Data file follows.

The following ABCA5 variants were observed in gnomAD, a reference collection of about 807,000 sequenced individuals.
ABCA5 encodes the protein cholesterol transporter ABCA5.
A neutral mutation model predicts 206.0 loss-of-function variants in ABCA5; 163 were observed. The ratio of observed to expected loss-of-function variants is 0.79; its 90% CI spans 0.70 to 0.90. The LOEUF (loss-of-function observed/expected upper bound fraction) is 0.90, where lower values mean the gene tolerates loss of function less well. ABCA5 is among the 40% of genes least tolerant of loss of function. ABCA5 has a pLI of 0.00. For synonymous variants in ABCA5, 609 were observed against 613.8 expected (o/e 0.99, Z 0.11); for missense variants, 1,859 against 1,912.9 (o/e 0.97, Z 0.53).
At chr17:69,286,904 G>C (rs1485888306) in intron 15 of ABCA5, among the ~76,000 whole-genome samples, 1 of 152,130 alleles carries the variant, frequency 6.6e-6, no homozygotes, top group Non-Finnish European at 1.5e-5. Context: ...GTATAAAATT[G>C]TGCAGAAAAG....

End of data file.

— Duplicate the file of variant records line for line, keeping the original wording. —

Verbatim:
The following ABCA5 variants were observed in gnomAD, a reference collection of about 807,000 sequenced individuals.
ABCA5 encodes the protein cholesterol transporter ABCA5.
A neutral mutation model predicts 206.0 loss-of-function variants in ABCA5; 163 were observed. The ratio of observed to expected loss-of-function variants is 0.79; its 90% CI spans 0.70 to 0.90. The LOEUF (loss-of-function observed/expected upper bound fraction) is 0.90, where lower values mean the gene tolerates loss of function less well. ABCA5 is among the 40% of genes least tolerant of loss of function. ABCA5 has a pLI of 0.00. For synonymous variants in ABCA5, 609 were observed against 613.8 expected (o/e 0.99, Z 0.11); for missense variants, 1,859 against 1,912.9 (o/e 0.97, Z 0.53).
At chr17:69,286,904 G>C (rs1485888306) in intron 15 of ABCA5, among the ~76,000 whole-genome samples, 1 of 152,130 alleles carries the variant, frequency 6.6e-6, no homozygotes, top group Non-Finnish European at 1.5e-5. Context: ...GTATAAAATT[G>C]TGCAGAAAAG....